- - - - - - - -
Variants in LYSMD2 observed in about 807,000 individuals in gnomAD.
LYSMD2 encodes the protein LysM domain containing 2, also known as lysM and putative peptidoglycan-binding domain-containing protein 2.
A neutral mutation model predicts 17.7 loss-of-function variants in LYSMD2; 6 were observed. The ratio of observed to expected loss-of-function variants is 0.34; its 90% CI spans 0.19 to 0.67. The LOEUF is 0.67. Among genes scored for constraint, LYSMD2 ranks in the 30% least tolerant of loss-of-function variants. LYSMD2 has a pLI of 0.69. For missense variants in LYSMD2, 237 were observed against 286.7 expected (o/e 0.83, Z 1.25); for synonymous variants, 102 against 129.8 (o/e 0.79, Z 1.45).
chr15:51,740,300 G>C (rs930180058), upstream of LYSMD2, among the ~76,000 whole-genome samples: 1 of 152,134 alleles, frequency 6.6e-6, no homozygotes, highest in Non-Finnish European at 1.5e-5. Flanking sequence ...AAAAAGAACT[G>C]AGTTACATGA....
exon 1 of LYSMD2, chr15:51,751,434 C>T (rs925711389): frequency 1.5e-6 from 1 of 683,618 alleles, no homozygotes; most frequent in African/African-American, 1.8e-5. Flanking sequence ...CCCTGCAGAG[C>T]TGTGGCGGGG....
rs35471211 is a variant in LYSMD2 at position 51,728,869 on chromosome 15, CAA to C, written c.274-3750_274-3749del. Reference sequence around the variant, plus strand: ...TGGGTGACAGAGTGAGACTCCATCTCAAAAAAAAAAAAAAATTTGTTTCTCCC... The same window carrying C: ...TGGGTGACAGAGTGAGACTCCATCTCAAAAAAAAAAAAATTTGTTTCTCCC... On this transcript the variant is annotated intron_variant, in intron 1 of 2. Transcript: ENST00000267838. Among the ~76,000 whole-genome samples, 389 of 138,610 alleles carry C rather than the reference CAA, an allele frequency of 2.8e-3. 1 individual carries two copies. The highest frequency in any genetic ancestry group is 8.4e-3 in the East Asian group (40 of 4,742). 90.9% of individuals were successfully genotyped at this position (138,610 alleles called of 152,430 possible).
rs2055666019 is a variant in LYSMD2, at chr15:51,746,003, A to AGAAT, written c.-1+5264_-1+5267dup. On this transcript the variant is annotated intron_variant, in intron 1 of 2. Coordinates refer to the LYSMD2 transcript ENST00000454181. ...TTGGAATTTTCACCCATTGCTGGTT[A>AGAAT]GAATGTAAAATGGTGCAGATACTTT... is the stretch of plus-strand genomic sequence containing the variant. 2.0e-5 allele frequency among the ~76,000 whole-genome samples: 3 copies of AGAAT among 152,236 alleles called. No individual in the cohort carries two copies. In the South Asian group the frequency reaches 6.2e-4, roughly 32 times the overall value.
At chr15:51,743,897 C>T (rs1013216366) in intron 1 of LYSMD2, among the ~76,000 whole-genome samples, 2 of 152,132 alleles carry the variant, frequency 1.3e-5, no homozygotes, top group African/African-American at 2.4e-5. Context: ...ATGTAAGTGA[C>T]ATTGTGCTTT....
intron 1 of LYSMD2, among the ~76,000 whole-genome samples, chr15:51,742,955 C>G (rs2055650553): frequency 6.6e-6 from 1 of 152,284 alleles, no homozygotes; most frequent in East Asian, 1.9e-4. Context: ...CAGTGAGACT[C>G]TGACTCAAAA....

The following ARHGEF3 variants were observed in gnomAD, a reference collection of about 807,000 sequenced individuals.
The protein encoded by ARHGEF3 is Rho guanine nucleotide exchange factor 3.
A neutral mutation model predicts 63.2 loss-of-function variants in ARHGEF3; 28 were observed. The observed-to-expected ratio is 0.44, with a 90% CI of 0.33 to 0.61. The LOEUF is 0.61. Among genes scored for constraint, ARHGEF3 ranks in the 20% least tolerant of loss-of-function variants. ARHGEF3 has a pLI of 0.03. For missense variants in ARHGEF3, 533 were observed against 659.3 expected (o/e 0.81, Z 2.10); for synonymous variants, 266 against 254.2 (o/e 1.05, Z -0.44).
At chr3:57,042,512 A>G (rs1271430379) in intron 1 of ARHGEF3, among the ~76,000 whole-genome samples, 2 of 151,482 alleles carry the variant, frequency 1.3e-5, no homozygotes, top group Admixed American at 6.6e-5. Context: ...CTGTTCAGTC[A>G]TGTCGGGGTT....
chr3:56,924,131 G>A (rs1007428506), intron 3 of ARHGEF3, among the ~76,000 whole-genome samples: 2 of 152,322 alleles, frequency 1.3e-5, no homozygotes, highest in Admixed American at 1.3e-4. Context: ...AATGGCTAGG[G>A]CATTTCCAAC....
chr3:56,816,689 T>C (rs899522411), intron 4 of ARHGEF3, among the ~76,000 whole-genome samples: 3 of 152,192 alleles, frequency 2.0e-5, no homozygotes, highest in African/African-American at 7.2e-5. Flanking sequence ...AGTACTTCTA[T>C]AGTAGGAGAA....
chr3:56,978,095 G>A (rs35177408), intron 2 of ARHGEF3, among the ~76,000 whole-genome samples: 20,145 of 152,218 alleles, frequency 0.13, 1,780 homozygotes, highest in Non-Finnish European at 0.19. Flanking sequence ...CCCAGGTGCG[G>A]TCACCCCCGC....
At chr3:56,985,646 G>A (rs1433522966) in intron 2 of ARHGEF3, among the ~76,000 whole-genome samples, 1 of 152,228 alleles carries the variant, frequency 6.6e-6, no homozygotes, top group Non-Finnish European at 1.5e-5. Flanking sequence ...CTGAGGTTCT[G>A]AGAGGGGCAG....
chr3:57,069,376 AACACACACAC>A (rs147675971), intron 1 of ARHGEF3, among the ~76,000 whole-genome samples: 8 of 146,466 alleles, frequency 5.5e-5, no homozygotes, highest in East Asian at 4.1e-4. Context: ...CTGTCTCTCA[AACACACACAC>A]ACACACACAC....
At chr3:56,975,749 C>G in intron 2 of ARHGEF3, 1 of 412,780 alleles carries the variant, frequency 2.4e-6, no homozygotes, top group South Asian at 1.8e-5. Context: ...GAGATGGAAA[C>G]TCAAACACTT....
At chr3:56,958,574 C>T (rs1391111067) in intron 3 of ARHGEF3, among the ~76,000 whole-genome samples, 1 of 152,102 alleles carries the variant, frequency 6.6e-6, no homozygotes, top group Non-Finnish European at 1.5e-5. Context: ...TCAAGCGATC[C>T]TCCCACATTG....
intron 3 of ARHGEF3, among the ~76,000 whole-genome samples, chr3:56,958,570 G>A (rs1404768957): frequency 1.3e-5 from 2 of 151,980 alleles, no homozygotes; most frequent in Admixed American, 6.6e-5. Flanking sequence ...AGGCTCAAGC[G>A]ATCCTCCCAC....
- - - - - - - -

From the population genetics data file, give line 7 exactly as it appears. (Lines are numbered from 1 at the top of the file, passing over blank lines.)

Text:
rs2055666019 is a variant in LYSMD2, at chr15:51,746,003, A to AGAAT, written c.-1+5264_-1+5267dup. On this transcript the variant is annotated intron_variant, in intron 1 of 2. Coordinates refer to the LYSMD2 transcript ENST00000454181. ...TTGGAATTTTCACCCATTGCTGGTT[A>AGAAT]GAATGTAAAATGGTGCAGATACTTT... is the stretch of plus-strand genomic sequence containing the variant. 2.0e-5 allele frequency among the ~76,000 whole-genome samples: 3 copies of AGAAT among 152,236 alleles called. No individual in the cohort carries two copies. In the South Asian group the frequency reaches 6.2e-4, roughly 32 times the overall value.